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What makes them brothers?

Although her adopted children come from different families, they are still part of one big, happy brotherhood.

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We are family: Skila Brown's adopted sons (left to right) Elliott, age 4, Gustavo, age 7, and Isaac, age 5, pose for a photo at home.

SKILA BROWN

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Like many adoptive families that include racially mixed children, we get our fair share of questions when we're standing in grocery lines: How much did your children cost? Where are they from? What nationality are they? Do they speak English?

Now that I've had a few years of experience, I can handle these queries with grace and ease and a few short replies.

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But there is one question that still trips me up each time it's asked: "Are they brothers?"

"Well, they aren't sisters, if that's what you mean."

"No, you know what I mean. Are they brothers?"

"Um, yes... They are all mine. I'm too old to baby-sit."

"No, I mean are they real brothers?"

"Would you like me to pinch them for you?"

Perhaps this question is tricky for me because it's the one I get asked most often, and by people I know – my kids' teachers, neighbors, co-workers, and especially by other adoptive families. That is, they're people I see often, not just strangers in line behind me in the checkout lane.

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When the interrogator is another adoptive parent, I want to cringe. "Shame!" I want to say. "You should know better."

I know this shouldn't get to me. After all, it's a naturally curious question. People want to know if they are biologically related. But how can I answer that question, using the language I am given? My children are listening to me give the answer.

What would a 4-year-old think if he heard me say, "They aren't brothers, just three kids we adopted and forced to live together for better or for worse. They have no connection at all. They didn't even know each other before!"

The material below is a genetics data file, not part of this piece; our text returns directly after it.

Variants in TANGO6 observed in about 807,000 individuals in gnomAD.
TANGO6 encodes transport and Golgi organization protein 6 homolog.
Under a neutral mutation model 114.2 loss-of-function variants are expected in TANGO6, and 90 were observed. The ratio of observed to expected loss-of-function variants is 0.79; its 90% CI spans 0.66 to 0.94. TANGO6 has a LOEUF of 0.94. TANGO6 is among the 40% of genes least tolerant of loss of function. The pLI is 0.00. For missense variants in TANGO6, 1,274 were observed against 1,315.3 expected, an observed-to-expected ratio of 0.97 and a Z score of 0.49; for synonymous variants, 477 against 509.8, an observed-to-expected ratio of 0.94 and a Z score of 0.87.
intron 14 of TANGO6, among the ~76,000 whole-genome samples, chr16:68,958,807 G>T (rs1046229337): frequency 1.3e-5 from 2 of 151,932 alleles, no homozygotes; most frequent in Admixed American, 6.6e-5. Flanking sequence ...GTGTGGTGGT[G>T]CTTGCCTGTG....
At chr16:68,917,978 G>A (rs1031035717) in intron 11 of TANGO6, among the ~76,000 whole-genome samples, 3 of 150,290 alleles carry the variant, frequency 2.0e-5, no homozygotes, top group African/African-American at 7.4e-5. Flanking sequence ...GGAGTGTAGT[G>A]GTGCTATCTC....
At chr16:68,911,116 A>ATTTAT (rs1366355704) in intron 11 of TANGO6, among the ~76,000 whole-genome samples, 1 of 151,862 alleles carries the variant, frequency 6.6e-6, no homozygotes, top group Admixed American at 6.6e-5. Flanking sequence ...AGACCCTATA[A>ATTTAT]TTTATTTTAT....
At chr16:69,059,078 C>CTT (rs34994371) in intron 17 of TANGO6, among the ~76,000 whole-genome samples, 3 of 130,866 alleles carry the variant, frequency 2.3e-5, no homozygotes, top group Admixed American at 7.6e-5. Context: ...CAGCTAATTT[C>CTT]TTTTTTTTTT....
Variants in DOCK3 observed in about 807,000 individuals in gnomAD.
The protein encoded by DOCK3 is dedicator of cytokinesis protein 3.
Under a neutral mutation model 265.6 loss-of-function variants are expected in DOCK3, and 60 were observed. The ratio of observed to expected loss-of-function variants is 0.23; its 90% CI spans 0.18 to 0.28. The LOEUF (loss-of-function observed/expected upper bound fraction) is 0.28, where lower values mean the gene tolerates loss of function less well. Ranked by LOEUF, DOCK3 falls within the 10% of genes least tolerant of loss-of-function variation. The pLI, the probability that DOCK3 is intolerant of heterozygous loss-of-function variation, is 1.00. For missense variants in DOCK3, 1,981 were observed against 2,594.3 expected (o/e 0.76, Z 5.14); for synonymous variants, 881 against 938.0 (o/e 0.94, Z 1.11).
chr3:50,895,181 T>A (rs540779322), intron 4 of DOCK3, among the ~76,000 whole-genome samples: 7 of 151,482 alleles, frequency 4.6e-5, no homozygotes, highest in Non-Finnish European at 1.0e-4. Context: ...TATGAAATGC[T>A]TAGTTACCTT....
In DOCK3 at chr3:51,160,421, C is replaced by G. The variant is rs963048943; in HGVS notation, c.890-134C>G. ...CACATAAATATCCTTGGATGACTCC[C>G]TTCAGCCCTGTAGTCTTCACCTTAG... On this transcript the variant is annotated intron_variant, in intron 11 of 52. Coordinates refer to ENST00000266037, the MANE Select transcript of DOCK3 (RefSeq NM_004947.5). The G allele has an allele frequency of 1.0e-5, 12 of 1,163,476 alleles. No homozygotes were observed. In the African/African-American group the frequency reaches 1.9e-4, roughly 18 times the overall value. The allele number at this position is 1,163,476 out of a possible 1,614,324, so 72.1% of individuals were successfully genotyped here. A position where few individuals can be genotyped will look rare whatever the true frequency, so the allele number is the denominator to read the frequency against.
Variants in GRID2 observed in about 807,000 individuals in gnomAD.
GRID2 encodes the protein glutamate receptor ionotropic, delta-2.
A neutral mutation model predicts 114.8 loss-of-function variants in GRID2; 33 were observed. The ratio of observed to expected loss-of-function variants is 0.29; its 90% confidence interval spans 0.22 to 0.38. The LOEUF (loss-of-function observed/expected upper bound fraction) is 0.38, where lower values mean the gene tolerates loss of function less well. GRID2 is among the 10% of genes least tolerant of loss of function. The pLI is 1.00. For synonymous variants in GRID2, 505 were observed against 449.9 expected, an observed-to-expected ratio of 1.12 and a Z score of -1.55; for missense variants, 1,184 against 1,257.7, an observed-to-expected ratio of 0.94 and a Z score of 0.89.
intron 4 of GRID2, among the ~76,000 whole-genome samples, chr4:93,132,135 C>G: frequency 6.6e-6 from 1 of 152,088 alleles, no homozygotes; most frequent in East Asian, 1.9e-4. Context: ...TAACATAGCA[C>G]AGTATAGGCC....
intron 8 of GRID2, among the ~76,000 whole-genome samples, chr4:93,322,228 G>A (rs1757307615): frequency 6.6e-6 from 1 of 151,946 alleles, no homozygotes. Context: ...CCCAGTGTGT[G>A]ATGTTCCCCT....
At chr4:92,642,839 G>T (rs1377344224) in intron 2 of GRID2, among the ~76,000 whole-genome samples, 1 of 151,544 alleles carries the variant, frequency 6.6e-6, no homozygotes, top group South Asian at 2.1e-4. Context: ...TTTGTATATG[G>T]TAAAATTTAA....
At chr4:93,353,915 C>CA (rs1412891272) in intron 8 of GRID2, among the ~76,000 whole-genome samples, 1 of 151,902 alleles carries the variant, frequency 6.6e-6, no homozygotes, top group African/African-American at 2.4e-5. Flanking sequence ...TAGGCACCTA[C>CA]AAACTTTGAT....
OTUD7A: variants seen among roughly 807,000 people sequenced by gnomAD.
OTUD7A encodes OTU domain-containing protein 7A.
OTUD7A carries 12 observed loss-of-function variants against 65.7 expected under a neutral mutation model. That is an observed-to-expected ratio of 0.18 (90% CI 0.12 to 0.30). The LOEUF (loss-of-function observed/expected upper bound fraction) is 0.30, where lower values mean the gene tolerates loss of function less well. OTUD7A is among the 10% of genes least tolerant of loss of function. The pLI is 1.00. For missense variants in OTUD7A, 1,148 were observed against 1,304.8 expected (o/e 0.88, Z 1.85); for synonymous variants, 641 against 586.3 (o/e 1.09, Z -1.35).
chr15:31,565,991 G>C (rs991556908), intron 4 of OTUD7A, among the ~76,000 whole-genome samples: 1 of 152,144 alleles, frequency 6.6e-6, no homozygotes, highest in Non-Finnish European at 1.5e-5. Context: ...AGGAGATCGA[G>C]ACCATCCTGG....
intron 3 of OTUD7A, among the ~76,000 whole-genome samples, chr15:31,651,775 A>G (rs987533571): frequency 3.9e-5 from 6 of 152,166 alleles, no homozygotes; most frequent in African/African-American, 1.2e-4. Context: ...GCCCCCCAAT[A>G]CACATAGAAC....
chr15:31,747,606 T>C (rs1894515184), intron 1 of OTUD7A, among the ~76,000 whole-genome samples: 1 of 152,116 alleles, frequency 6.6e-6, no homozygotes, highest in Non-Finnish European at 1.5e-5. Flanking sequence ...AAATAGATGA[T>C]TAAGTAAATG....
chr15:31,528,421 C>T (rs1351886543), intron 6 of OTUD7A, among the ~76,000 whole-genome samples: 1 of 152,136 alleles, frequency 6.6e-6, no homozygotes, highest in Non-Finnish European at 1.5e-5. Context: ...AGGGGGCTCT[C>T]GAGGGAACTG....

One Halloween night we actually had an inquisitive neighbor chase us down the sidewalk, trying to figure out the truth. This woman was on a mission. No matter how much I tried to dismiss her question, she persisted, "Are they brothers?"

"Yes."

"Did you get them all at once?"

"No, I bought the firefighter and police costumes and made the convict one."

"No! I mean the boys – did you adopt them together?"

"No, we brought them home at different times."

"But they were brothers before?"

"They are brothers now."

"Oh. Oh! I get what you mean – they aren't real brothers."

"No," I replied. "You don't get it at all. They are real brothers."

After all, they wrestle over toys, push and shove, and fight for our attention. They also watch out for one another, try to cheer one another up, and make one another laugh. They speak their own language (which admittedly uses a lot of silly words about burps and other things), and they are always sad when they are apart. They love waking one another up, making the others laugh, and scheming against their parents. They invent ridiculous games with limited props and always end up chasing one another throughout the house. That sounds like brothers to me.

I am blessed with a brother and a sister of my own, both of whom I cherish and feel very close to. But the tie that binds us is not biology. I never think about the fact that we share the same biological parents.

What I think about is the fact that we share a history. We are the only ones who can appreciate and laugh at our own inside jokes. And they are the first people I call when my parents are driving me insane. Because they get it. I don't have to say a word.

I want my kids to feel like that when they are my age. I want them to feel a tie that binds them together. I want them to argue and be different. But I also want them to appreciate the blessings they have in one another and to know that they can always count on their brothers.

So that is why I usually answer the question with a simple "Yes, they are brothers."

But maybe I should cock my head to the side, raise an eyebrow, and then simply wave my hands in the direction of my three kids to let them answer this question for me.

I can see the answer they would paint now: a 4-year-old taunting a 5-year-old with a toy out of reach. Then the 5-year-old attempting to squeeze the 4-year-old's neck to get the toy back.

And I can see my 7-year-old glance at our nosy friend with a puzzled look and give a simple reply: "Duh."


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